Another great day was spent on a Sunlover Reef Cruise to the Great Barrier Reef. We boarded the catamaran at the Cairns Marina for the two hour journey to Moore Reef. Travelling in air conditioned comfort while we relaxed with coffee and snacks.
On the journey we were extremely lucky to witness a Humpback whale and her calf making their way south. They came so close to the boat that the Captain had to stop the engine and idle for about 20 minutes for the safety of both us and the whales.
When we arrived at the Reef we disembarked onto Sunlovers large, shade covered pontoon.
The amenities included a marine naturalist presentation, all snorkeling equipment and instruction, glass bottom boat tours, and semi-submersible vessel tours.
There was also a fish feeding presentation to be viewed from the underwater observatory.
A full buffet lunch, tea and coffee were also included in the ticket price. Scuba diving instruction and facilities were available at a small extra cost.
We also took a day trip to the Daintree Rainforest and Cape Tribulation. This area was named by Captain James Cook in 1770 as the place where his “trials and tribulations” began. His ship “HMS Endeavour” struck a reef (now named Endeavour Reef) and nearly sank. They managed to tow the ship with row boats up the coast and eventually beached for repairs in the Endeavour River near where Cooktown now stands.
We were collected at our resort and began our day with a scenic drive north from Cairns through Mosman to the Daintree River for a wildlife cruise where we saw a number of crocodiles in their natural habitat and other wildlife that abounds in this area.
We then took a walk through the rainforest on the Marradja Botanical Boardwalk with our driver/guide who pointed out various trees and shrubs and explained to us the ones that were dangerous and others that had medicinal properties.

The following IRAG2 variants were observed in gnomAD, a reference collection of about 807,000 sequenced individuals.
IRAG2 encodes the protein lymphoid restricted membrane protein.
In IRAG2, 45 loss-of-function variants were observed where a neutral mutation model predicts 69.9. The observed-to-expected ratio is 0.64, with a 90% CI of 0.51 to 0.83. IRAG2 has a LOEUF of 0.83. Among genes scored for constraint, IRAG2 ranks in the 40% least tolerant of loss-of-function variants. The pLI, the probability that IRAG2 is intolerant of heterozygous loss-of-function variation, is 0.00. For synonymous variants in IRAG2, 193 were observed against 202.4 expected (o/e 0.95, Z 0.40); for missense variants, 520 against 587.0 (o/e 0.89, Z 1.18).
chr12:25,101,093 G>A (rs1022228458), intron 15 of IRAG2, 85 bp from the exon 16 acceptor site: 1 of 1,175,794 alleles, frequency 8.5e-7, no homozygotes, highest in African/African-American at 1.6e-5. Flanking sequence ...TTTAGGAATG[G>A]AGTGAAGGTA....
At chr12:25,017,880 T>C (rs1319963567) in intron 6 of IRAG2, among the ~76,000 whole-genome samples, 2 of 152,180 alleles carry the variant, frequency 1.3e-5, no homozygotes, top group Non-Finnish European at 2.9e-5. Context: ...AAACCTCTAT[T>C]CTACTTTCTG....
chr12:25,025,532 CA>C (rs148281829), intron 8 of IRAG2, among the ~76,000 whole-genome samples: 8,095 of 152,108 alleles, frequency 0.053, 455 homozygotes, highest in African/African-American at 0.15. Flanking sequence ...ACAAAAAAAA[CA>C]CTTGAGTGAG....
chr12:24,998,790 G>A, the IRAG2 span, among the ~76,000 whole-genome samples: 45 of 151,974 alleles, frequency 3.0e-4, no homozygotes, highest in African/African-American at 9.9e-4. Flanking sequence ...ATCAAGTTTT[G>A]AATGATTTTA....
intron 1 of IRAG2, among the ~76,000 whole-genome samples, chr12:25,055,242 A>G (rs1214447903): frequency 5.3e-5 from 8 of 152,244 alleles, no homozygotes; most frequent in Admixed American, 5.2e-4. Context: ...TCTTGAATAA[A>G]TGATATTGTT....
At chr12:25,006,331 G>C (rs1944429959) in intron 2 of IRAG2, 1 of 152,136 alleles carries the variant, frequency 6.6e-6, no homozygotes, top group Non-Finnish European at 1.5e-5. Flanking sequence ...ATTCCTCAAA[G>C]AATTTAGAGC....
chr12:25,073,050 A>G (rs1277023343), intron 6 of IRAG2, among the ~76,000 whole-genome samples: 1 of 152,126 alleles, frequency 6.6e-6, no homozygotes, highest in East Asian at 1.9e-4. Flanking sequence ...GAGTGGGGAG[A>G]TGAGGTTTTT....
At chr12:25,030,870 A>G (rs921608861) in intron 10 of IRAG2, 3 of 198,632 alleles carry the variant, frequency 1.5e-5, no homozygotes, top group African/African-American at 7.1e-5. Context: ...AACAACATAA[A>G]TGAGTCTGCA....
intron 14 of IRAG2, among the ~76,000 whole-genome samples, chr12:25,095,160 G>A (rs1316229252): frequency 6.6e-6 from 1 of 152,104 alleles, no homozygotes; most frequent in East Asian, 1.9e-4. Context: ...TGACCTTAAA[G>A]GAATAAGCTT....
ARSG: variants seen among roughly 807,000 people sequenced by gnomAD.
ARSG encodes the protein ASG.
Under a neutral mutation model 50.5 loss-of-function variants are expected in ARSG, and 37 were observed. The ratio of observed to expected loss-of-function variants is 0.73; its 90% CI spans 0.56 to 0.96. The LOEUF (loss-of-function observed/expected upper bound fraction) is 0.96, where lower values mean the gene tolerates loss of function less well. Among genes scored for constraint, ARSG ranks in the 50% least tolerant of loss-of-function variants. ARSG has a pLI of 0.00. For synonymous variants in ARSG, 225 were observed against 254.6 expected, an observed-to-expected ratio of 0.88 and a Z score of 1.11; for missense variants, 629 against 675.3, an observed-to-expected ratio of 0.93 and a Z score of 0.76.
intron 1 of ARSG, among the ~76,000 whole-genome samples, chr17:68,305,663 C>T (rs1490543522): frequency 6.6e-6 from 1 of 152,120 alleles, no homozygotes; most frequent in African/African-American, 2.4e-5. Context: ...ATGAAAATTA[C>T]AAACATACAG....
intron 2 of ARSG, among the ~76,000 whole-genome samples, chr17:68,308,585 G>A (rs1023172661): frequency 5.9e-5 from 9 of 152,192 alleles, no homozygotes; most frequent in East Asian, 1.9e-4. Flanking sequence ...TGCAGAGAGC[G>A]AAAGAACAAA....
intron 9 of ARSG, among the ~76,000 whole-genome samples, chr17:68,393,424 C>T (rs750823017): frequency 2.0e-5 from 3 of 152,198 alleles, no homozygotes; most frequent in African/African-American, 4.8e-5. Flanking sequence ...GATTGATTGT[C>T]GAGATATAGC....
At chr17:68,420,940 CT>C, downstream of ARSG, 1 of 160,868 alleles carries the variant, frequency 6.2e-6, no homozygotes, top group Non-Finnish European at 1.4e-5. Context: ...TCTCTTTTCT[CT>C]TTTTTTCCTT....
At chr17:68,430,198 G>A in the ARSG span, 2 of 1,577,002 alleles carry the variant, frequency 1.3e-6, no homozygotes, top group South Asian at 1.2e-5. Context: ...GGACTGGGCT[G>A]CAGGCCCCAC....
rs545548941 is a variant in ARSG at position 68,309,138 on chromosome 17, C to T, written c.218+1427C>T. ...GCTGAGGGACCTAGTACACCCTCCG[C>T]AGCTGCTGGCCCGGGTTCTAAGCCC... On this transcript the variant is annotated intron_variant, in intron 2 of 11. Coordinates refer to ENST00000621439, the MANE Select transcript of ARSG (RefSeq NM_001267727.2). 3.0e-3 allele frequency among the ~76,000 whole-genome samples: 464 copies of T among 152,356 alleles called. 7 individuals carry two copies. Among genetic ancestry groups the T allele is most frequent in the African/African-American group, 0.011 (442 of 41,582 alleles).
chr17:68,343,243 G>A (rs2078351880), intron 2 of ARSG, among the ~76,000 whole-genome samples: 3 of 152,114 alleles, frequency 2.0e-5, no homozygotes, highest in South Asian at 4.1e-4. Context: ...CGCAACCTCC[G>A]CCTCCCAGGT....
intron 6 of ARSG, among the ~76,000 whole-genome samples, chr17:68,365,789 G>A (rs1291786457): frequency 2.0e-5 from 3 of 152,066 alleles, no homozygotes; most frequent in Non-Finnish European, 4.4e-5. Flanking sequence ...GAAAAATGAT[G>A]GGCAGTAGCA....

On arrival at Cape Tribulation, we enjoyed a walk on the beach “where the rainforest meets the reef” before meeting at PK’s Jungle Village for a tasty lunch.
During the return trip we crossed the Daintree River on a vehicle ferry that is cable operated.
We also took a walk along the bank of the Mossman River and on the way home stopped for afternoon tea at Port Douglas. This small town has a reputation for being “the tropical playground of the rich and famous”.
After these busy days we spent a more restful morning strolling through the beautiful Flecker Botanical Gardens where we saw many unusual and exotic flowering shrubs and trees imported from all over the world.
The family spent another great day at Hartley’s Crocodile Adventures. They explored the extensive park and had ample opportunity to interact with the wildlife.
“Enough sightseeing, who’s for a swim”?! There were certainly plenty of choices of swimming pools at the Lakes Resort. We very much enjoyed our trip to “the tropics” and look forward to further trips to this lovely area in the future.
Article and Pictures by Heather and Barry Minton
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Last Updated on May 25, 2010 by M. Maxine George editor.